If one wants to hear a recreation of that performance that is more pleasing to one's ears, then it has everything to do with "coloring" to taste.


If I understand you correctly, you want to take a natural and accurate sound, and change it to sound accurate and natural to your deficient ears.
 

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Everyone definitely doesn't hear the same thing at a show, in the same way that not everyone has the same view. I usually walk around the venue during the opening act to determine where the sweet spots are because outside of them the acoustics in many clubs are absolutely horrible.
 

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Quote:
Originally Posted by Hicks /forum/post/14346061


Everyone definitely doesn't hear the same thing at a show, in the same way that not everyone has the same view. I usually walk around the venue during the opening act to determine where the sweet spots are because outside of them the acoustics in many clubs are absolutely horrible.

Right..but your deficient hearing is with you where ever you sit....and if someone else sat in the same position, they are hearing the same performance, with their personal deficient ears.
 

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Quote:
Originally Posted by cschang /forum/post/14346015


If I understand you correctly, you want to take a natural and accurate sound, and change it to sound accurate and natural to your deficient ears.

Do you believe that there is anything wrong with doing that?
 

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Quote:
Originally Posted by lwien /forum/post/0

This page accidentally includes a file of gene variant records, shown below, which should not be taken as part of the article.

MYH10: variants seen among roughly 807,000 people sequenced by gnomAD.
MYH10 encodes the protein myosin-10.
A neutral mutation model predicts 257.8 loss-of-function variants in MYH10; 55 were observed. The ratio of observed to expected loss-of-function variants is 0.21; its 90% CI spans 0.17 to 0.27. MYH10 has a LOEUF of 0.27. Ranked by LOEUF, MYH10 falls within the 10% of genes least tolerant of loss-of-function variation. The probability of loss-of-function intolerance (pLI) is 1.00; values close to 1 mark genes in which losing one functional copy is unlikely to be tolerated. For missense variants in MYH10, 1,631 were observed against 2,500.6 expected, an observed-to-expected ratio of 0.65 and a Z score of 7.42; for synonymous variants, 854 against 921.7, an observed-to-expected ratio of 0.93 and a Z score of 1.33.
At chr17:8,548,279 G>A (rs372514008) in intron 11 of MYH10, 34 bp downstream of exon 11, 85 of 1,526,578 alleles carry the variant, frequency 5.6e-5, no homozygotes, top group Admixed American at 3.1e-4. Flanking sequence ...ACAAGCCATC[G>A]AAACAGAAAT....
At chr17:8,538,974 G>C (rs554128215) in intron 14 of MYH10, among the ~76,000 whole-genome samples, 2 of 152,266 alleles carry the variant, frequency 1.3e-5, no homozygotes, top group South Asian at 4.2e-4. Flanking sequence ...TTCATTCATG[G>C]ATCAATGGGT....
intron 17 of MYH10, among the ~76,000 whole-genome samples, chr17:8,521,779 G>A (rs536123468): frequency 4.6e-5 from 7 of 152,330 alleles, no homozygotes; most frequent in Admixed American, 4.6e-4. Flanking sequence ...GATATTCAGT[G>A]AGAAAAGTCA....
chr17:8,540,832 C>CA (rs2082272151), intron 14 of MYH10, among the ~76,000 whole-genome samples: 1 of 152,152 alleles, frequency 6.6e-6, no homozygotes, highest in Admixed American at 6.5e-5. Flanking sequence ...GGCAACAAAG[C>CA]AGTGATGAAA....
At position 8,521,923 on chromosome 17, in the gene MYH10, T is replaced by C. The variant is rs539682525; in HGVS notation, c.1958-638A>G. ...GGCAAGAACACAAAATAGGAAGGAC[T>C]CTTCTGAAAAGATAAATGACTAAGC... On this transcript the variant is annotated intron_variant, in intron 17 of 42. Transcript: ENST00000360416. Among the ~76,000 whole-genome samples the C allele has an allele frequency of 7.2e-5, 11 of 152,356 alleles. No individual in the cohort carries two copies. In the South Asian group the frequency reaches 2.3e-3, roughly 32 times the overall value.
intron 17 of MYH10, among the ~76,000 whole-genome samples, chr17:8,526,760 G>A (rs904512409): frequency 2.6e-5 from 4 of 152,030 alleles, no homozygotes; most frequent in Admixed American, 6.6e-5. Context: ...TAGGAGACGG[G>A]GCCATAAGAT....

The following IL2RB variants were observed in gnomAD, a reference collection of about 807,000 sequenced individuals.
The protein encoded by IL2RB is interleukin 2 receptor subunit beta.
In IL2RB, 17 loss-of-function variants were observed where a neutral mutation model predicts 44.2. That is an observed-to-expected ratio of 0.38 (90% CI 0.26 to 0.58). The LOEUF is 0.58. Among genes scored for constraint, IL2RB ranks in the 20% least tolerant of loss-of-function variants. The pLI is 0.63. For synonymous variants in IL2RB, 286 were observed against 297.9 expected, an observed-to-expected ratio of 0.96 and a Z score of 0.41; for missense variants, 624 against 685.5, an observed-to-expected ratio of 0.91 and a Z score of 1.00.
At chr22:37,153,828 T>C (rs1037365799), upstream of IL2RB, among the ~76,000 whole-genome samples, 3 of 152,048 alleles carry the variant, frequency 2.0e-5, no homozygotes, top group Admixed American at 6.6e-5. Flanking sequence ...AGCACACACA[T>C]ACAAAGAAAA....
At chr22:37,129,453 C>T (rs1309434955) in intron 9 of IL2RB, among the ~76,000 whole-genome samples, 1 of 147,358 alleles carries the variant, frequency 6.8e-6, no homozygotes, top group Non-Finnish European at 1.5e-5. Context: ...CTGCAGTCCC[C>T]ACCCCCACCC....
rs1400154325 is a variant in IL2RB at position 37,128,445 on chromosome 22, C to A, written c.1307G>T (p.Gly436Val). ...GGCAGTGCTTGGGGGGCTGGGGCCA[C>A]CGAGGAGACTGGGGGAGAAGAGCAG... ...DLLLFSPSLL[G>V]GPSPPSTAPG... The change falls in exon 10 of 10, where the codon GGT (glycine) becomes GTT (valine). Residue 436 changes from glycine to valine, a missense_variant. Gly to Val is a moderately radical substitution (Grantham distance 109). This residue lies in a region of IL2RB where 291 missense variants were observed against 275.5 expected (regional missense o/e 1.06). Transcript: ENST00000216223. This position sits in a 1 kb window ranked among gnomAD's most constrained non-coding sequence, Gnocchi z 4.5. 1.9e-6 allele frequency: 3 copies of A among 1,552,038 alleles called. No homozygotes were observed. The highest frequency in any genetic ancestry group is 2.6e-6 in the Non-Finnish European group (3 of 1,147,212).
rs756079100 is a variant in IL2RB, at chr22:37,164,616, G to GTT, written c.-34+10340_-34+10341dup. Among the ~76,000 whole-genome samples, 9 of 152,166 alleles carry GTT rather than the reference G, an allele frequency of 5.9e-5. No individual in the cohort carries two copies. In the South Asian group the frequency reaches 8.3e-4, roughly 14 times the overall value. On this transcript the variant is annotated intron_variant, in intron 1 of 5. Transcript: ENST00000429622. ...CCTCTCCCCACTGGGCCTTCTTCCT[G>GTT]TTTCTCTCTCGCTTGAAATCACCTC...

.Do you believe that there is anything wrong with doing that?

That's what hearing aids are for!
 

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Quote:
Originally Posted by cschang /forum/post/14345855


So when you go hear live music, do you ask them to adjust the performance to your ears?


Everybody hears the same performance.
No, they don't. Each seat in the venue will sound different. And, everyone DOES hear things differently, btw.
 

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Quote:
Originally Posted by sivadselim /forum/post/14346156

No, they don't. Each seat in the venue will sound different. And, everyone DOES hear things differently, btw.

Yes...each seat sounds different...agreed. But in the same seat, what gets to our ears is the same. Of course, now you can argue the different position of the ears.


Yes....we hear differently, but what is actually being produced by the performance is the same.
 

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What a circular moronic [email protected]#$%


Never try to educate those who won't listen. OTOH, I guess they will claim they didn't hear it the same anyway.